Sotomayor's claim that there are no Supreme Court precedents on the right to self-defense

From Sotomayor's confirmation hearing:

Sotomayor: "I'm trying to think if I remember a case where the Supreme Court has addressed that particular question. Is there a constitutional right to self-defense? And I can't think of one. I could be wrong, but I can't think of one."

Well, it should have been pretty obvious that Sotomayor didn't know her constitutional law very well. First, there is the Heller case:

That of the nine state constitutional protections for the right to bear arms enacted immediately after 1789 at least seven unequivocally protected an individual citizen’s right to self-defense is strong evidence that that is how the founding generation conceived of the right. . . .

It is inconceivable that this law would have been enforced against a person exercising his right to self-defense on New Year’s Day against such drunken hooligans. . . . . Given Justice Wilson’s explanation that the right to self-defense with arms was protected by the Pennsylvania Constitution, it is unlikely that this law (which in any event amounted to at most a licensing regime) would have been enforced against a person who used firearms for self-defense. . . . .

Some older cases:

Acers v. United States 1896 164 U.S. 388 238
Is fear of a deadly attack, without reasonable demonstrated grounds for the fear, sufficient to support a claim of self defense [NO]; Must the danger be immediate [YES]; Can any object be considered as a deadly weapon depending on how it was used [YES].

Alberty v. United States 1896 162 U.S. 499 231
If a husband sees another man trying to get into his wife’s room window at night is it natural for him to investigate further [YES]; Is the husband under a duty to retreat when attacked with a knife under such circumstances [NO]; May the husband use only as much force as is necessary to repel the assault [YES]; If in an ensuing confrontation the husband shoots and kills the other man, then flees, must his flight in and of itself be seen as evidence of his guilt [NO].

Allen v. United States 1896 164 U.S. 492 241
Are words alone sufficient provocation to justify an assault [NO]; Are words alone sufficient to reduce murder to manslaughter [NO]; Can premeditation and intent to kill be determined from your actions [YES]; Although flight after a possibly criminal event may suggest guilt, does it prove it conclusively [NO].

Allison v. United States 1895 160 U.S. 203 216
Is it reasonable to believe that you’re in immediate deadly danger if a person, known to be abusive, known to carry a pistol, and who has made public threats against your life, makes a motion as if to draw down on you, even if it turns out he wasn’t armed at the time [YES]; If there is no corroborating evidence besides your testimony, may the jury decide to take your word for it and acquit based on your credibility [YES]; If you have your deer rifle with you while visiting a friend’s house and your adversary shows up, and in an ensuing confrontation you shoot him, can the judge instruct the jury that you’re guilty of murder if you armed yourself to go hunt down your adversary, when there is no evidence to support this claim [NO].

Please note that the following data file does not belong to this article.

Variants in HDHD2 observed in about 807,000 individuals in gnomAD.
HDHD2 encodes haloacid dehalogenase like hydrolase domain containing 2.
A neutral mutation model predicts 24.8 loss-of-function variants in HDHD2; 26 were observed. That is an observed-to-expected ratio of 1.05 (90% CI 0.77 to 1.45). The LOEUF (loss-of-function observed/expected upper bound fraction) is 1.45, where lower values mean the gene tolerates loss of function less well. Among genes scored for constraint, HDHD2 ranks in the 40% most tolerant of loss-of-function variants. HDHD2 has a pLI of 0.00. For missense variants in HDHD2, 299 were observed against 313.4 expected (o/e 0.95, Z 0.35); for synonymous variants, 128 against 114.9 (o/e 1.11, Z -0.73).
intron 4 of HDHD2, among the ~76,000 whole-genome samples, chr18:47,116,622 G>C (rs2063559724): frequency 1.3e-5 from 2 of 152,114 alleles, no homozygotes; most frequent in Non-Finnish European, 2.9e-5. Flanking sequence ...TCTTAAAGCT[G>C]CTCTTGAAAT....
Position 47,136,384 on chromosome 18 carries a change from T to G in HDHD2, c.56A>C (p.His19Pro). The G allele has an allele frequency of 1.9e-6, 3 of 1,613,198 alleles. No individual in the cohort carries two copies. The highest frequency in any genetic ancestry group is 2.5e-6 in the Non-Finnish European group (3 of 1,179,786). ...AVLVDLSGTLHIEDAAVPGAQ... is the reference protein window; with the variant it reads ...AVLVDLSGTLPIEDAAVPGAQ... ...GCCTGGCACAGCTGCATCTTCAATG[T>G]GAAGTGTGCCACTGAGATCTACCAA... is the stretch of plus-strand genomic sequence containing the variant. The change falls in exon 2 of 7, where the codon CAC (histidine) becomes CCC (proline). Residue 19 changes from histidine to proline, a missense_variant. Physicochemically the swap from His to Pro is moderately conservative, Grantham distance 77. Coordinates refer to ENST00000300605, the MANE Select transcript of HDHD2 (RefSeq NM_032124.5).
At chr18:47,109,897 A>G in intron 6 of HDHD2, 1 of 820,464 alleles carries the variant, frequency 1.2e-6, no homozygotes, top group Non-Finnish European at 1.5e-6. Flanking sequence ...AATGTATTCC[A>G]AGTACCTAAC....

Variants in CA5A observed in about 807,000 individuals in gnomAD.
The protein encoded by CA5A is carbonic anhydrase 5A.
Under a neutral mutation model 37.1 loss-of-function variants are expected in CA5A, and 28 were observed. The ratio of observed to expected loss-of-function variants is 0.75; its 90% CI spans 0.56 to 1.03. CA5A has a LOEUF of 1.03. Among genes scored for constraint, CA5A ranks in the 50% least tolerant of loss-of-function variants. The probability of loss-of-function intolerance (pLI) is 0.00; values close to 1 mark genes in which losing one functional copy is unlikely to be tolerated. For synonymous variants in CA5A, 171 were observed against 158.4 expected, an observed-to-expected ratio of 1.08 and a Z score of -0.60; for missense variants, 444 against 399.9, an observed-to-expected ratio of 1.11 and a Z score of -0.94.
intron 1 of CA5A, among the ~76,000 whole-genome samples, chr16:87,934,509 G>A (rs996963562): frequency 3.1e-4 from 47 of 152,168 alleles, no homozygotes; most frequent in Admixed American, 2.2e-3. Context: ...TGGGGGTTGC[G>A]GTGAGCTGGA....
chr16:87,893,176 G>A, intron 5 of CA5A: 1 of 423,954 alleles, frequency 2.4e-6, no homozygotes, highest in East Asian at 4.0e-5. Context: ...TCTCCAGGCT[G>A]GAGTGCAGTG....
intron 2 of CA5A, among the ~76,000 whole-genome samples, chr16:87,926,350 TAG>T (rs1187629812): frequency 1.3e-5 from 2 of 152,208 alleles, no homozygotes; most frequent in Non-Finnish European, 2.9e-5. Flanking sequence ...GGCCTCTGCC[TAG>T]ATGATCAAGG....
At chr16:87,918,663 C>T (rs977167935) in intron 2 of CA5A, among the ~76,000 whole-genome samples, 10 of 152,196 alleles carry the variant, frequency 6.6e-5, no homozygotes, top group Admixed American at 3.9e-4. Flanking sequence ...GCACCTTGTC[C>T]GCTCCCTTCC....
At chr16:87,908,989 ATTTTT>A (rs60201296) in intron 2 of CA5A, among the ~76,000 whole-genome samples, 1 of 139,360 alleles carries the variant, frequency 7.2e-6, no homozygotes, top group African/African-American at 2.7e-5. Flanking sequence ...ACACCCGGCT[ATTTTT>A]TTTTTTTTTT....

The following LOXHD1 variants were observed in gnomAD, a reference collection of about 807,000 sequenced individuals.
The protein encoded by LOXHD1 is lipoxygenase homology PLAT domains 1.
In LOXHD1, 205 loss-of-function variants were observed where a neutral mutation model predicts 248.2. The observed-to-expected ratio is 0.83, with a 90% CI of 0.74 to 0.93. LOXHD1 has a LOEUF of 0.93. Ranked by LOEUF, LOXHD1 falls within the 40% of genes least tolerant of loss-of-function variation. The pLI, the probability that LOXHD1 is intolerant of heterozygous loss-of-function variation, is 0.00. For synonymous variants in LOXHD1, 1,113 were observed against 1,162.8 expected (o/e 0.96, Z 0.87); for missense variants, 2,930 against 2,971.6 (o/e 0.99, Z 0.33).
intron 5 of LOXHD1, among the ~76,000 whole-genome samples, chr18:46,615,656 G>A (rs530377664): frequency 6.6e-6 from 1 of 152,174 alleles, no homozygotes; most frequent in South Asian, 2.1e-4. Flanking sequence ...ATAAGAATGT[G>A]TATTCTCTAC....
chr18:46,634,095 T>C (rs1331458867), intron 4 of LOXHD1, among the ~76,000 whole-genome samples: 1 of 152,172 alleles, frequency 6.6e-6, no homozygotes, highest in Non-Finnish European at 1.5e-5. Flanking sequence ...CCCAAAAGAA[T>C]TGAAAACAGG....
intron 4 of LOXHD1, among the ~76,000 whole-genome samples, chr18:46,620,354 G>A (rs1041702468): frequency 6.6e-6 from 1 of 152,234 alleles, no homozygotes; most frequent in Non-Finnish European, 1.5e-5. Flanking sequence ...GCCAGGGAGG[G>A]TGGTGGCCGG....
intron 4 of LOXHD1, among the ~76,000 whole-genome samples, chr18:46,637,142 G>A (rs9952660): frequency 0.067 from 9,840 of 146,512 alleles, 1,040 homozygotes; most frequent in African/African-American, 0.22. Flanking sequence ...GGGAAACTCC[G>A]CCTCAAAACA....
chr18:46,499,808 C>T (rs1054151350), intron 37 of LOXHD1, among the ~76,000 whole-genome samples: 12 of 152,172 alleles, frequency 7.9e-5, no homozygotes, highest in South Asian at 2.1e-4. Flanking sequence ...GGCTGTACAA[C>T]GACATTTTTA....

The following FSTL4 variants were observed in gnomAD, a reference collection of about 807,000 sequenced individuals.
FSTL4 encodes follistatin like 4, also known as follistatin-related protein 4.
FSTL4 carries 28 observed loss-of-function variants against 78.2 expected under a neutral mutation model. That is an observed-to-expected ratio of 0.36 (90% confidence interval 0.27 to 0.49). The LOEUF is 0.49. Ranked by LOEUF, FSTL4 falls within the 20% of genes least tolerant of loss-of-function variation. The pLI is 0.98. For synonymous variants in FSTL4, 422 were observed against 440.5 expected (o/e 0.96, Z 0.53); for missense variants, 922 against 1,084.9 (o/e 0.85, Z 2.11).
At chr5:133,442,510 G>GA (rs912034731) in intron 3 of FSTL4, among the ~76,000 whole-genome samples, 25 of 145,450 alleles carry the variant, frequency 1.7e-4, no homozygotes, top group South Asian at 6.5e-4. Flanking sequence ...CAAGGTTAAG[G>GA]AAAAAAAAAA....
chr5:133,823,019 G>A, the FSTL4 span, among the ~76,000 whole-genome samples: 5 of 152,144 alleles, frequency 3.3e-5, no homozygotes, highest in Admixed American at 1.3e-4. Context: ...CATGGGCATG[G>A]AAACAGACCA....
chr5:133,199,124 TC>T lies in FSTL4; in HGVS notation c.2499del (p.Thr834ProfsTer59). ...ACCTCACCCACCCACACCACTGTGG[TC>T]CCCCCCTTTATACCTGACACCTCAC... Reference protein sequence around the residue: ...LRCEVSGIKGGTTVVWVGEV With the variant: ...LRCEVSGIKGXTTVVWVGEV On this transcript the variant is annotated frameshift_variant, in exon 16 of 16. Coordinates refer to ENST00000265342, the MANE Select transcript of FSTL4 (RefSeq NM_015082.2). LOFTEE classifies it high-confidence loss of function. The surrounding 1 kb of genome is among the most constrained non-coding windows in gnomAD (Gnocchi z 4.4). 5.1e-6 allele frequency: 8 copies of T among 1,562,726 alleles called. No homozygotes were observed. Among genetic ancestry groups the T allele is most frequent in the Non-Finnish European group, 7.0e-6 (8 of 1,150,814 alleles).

Andersen v. United States 1898 170 U.S. 481 255
If an indictment is brought charging that a defendant shot and then threw a victim’s body into the sea, so the exact cause of death cannot be known, is the indictment flawed and invalid [NO]; Do the elements of self defense have to be present for an accused person to successfully claim self defense [YES].

Beard v. United States 1895 158 U.S. 550 208
Can you stand your ground with a shotgun against an unprovoked armed attack on your property near your home [YES]; Is there a greater duty to retreat on your own property than in your house [NO].

Brown v. United States 1921 256 U.S. 335 285
Is there a duty to retreat when attacked by a man with a knife [NO]; Believing you’re in a mortal conflict, if you fire a shot in the heat of combat, which in cool reflection later may be seen as unnecessary, may you still be acquitted on grounds of self defense [YES]; Is your right of self defense roughly similar in your home, on your land, and at your work [YES]; Can detached reflection be demanded in the presence of an uplifted knife [NO].

Gourko v. United States 1894 153 U.S. 183 189
If you shoot someone who has repeatedly threatened you, and the circumstances of the shooting are not found to be justifiable as self defense, does the fact that you armed yourself in response to the threat automatically make the shooting murder (as opposed to manslaughter) [NO].

Logan v. United States 1892 144 U.S. 263 180
Does the 2nd Amendment guarantee a preexisting right recognized by the Constitution, and not a right created by the Constitution [YES]; Is a prisoner in legal custody entitled to protection “while he is deprived of the ordinary means of defending and protecting himself” [YES].

Rowe v. United States 1896 164 U.S. 546 247